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REGIONAL ANALYSIS

Caribbean
Aviation: ’Moving
Forward?’
Consolidation is a phenomenon that is happening every-
where across the globe in today’s civil aviation industry,
and the Caribbean is no exception. Mergers, acquisitions
and the joining of alliances are common means of consol-
idation practiced by airlines. Airlines in the Caribbean region have always seen themselves as the
national pride of the islands they represent. Pride and other emotions that are associated with tradition-
al ‘flag carriers’ can be perceived as barriers against taking full advantage of the more rational argu-
ments behind consolidation. In this article, Aerlines’ Caribbean correspondent Roger Cannegieter
explores contemporary regional market developments.

By Roger Cannegieter
The Caribbean The Caribbean is a region of the ing sovereign states, overseas depart-
The Caribbean is quite a large archi- Americas, comprising more than ments, and dependencies. At one
pelago, which is strategically located 7,000 islands. The West Indies con- time, there was a short-lived country
between North- and South-America. sist of the Antilles, divided into the called the Federation of the West
Given the distances between the larger Greater Antilles, which bound Indies, which was composed of ten
islands and the continent, and the sea on the north, and the Lesser English-speaking Caribbean territo-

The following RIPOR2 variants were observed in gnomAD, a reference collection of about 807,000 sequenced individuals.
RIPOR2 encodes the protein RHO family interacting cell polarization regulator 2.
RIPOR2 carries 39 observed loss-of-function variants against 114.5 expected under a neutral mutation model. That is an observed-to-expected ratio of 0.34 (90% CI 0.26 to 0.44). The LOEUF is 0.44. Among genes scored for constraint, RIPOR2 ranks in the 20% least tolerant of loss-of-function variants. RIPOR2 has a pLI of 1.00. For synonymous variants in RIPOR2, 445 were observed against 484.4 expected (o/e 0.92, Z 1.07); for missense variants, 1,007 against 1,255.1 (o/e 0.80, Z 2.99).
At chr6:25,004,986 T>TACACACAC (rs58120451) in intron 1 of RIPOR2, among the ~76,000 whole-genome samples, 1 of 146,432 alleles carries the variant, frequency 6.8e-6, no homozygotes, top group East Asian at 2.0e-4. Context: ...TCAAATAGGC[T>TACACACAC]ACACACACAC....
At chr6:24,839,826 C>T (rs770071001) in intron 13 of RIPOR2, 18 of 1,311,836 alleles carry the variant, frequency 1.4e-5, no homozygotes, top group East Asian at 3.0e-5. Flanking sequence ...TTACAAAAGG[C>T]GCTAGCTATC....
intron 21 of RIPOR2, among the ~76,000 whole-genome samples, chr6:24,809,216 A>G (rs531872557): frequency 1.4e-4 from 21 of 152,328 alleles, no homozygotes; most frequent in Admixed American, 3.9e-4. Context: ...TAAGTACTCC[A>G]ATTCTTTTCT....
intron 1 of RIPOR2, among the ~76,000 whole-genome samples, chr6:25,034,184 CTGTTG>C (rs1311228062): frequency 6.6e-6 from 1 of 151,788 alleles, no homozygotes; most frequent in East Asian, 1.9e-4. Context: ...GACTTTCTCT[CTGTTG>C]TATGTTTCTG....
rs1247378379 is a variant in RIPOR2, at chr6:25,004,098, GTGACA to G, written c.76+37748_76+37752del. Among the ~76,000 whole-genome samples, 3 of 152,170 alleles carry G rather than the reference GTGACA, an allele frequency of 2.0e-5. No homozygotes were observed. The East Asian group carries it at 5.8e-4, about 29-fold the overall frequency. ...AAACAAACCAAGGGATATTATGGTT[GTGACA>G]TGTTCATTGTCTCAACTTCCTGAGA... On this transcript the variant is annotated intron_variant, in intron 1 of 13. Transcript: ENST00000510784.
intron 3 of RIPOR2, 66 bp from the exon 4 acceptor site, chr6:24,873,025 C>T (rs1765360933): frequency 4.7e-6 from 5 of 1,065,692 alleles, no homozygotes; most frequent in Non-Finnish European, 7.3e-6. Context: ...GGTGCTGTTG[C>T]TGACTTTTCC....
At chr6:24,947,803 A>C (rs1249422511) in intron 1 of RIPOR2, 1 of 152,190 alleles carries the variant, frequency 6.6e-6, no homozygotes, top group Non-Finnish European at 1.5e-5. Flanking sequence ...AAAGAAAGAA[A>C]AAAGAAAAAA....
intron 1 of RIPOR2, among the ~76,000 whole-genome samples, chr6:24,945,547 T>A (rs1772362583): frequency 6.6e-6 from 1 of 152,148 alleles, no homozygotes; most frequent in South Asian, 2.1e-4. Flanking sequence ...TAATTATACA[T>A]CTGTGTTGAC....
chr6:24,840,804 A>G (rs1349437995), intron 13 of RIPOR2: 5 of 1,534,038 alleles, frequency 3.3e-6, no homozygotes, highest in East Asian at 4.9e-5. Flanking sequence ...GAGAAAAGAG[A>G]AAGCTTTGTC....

between the islands themselves, we Antilles on the south and east ries.
can assume that aviation has to be (including the Leeward Antilles), and
the transport mode of choice for the Bahamas. Geopolitically, the The Caribbean islands are an island
most people in the region who can West Indies are usually reckoned as a chain that stretches 2,500 miles long
afford to travel. subregion of North America, and are and no more than 160 miles wide at
organized into 28 territories includ- any given point. The islands enclose
Caribbean Star & LIAT
The two largest regional airlines in the Caribbean are Caribbean Star Airlines and LIAT (Leeward Islands Air
Transport). These airlines were competing head-to-head with each other and are now in the process of merging their
operations in an attempt to create a more solid organization. LIAT recently took over Caribbean Star Airlines. Their
route networks are still being combined, and all flights are now marketed as LIAT flights. Because of this move,
Caribbean Star Airlines closed its subsidiary Caribbean Sun Airlines. LIAT and Caribbean Star Airlines have agreed
to continue operations separately using their own air operating certificates until the merger has been completed. The
airline’s new slogan will be “The Star of the Caribbean” to reflect both airlines in the same slogan. Their combined
fleet consists of 24 Dash-8 turboprop aircraft (Bombardier Aerospace) and rumor has it that the airline might even
consider the larger ERJ170 regional jets (Embraer) for future expansion. How their route networks will be combined
and which routes might be axed, is not clear yet.

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and Jamaica;
 The Virgin Islands belonging to
the United States;
 Dutch West Indies, includ-
ing the Netherlands Antilles and
Aruba.

Some of the countries mentioned
have been independent states for
years. However, grouping the differ-
ent islands into regions according to
historical ties with European coun-
tries is important when analyzing the
BWIA & Air Jamaica civil aviation sector in the Caribbean.
For those who are familiar with the Caribbean, the major players in the Routes served between the islands
Caribbean are Air Jamaica and Caribbean Airlines. These two airlines have and destinations overseas can be clar-